Medicine is definitely not always a glamorous job, as a vomiting device offers insight in viral infections and proves that an important road might not always be paved with colorful flowers and pretty rainbows. In fact, it’s quite a disgusting business, but highly efficient, which is well worth it for the sake of advancement.
Researchers at the North Carolina State University (NCSU) and Wake Forest University have designed a machine that simulates human barfing in order to ascertain the aerosolizing of particles of norovirus. The Centers for Disease Control and Prevention (CDC), states the norovirus causes a type of food poisoning that results acute gastroenteritis, which can lead to stomach pain, vomiting, nausea and diarrhea.
The scientists simulating human vomiting inside a safe box where a small head model the size of a human hand was attached to a tube that mimicked the sequence of throwing up liquid or semi-liquids at a customizable pressure. While it may not seem like a particularly complicated contraption, the findings were quite useful.
Using the odd-looking device, researchers were able to conclude that the norovirus does indeed aerosolize, and the resulting particles can go into a person’s mouth, which further leads to infection, according co-author of the paper Lee-Ann Jaykus, a professor of food, bioprocessing and nutrition sciences NCSU.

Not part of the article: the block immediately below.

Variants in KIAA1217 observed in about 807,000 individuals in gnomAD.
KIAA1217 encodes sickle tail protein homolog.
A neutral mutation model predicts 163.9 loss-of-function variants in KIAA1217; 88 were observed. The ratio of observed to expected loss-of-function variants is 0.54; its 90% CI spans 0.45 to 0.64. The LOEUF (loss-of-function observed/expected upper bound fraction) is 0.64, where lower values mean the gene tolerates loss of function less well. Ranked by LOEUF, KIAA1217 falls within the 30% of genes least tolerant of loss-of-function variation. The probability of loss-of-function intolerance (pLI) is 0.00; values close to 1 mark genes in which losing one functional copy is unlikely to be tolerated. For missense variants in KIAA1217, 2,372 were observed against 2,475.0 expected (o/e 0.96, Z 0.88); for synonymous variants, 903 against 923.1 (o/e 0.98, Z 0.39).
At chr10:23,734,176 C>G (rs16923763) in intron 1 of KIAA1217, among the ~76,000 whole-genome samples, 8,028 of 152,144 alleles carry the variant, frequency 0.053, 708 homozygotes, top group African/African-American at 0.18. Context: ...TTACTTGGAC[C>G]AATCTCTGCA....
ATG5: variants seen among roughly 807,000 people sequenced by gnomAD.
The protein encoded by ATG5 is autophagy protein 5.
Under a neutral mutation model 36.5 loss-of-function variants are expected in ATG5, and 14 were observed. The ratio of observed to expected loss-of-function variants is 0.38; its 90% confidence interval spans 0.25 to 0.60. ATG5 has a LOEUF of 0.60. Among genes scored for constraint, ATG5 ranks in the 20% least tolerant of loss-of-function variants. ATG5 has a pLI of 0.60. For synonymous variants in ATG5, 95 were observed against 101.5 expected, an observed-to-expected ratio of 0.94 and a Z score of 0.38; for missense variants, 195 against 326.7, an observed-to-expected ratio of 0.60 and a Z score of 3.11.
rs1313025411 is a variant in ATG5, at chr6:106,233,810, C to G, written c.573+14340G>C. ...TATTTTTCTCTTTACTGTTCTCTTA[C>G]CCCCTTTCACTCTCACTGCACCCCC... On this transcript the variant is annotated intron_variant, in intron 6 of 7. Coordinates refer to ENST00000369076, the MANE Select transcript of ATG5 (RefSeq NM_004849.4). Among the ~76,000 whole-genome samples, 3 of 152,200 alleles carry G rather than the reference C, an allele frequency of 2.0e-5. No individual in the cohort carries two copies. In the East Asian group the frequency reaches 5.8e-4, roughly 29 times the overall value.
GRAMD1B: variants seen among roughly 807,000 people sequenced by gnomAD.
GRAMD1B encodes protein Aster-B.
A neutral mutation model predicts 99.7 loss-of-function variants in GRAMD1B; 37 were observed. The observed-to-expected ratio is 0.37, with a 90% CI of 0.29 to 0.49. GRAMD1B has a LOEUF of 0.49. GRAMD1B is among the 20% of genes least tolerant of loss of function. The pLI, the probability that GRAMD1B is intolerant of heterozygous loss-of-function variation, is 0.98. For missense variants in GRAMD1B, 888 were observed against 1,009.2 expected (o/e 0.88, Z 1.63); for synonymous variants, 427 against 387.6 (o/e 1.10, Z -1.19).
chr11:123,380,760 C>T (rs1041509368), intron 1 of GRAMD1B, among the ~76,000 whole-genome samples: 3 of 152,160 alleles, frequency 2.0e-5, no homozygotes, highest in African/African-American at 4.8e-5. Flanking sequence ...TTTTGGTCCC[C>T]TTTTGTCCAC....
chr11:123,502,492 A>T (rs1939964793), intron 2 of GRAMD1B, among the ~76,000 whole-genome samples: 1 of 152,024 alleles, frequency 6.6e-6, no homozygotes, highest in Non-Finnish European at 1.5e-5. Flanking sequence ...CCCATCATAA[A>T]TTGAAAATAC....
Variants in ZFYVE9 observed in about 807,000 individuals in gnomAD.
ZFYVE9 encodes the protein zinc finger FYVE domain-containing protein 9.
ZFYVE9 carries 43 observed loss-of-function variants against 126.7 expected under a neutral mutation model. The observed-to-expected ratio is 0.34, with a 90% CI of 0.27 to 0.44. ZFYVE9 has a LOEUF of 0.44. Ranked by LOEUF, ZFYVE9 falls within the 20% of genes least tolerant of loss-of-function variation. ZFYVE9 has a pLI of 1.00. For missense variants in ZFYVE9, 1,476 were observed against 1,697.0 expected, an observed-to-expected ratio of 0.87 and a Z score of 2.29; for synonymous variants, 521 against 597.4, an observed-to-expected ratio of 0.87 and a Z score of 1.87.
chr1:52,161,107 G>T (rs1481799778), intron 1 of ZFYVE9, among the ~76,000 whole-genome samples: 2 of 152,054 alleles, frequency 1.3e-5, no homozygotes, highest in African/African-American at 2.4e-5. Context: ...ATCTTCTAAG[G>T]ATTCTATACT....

Furthermore, it was observed that all of the 13,000 particles released into the air can land on surfaces and remain there for a period of weeks. Any person who touches tables, chairs, counters or whichever object it was projected on can still get infected by lifting their hand to their mouth. It’s simple, untraceable, and a little sickening.
Jaykus further states that while a very small number in terms of percentage, 0.02% of the virus is aerosolized, it’s more than enough to infect other people. Further research is now required to see how far the particles can travel and how long.
Similar studies could one day be rooted in the vomiting machine, including some that imply the deadly Ebola virus. Officials have often firmly stated that it requires a person to come in contact with infected bodily fluids in order to contract the disease. There is no evidence that the virus spreads through coughing or sneezing, but large droplets, such as vomit, could qualify.
It’s an important area of research that is quite disgusting on the surface, but could lead to better preventions of virus travel through the air and proper understanding on how to control their further spreading.
Image source: wired.com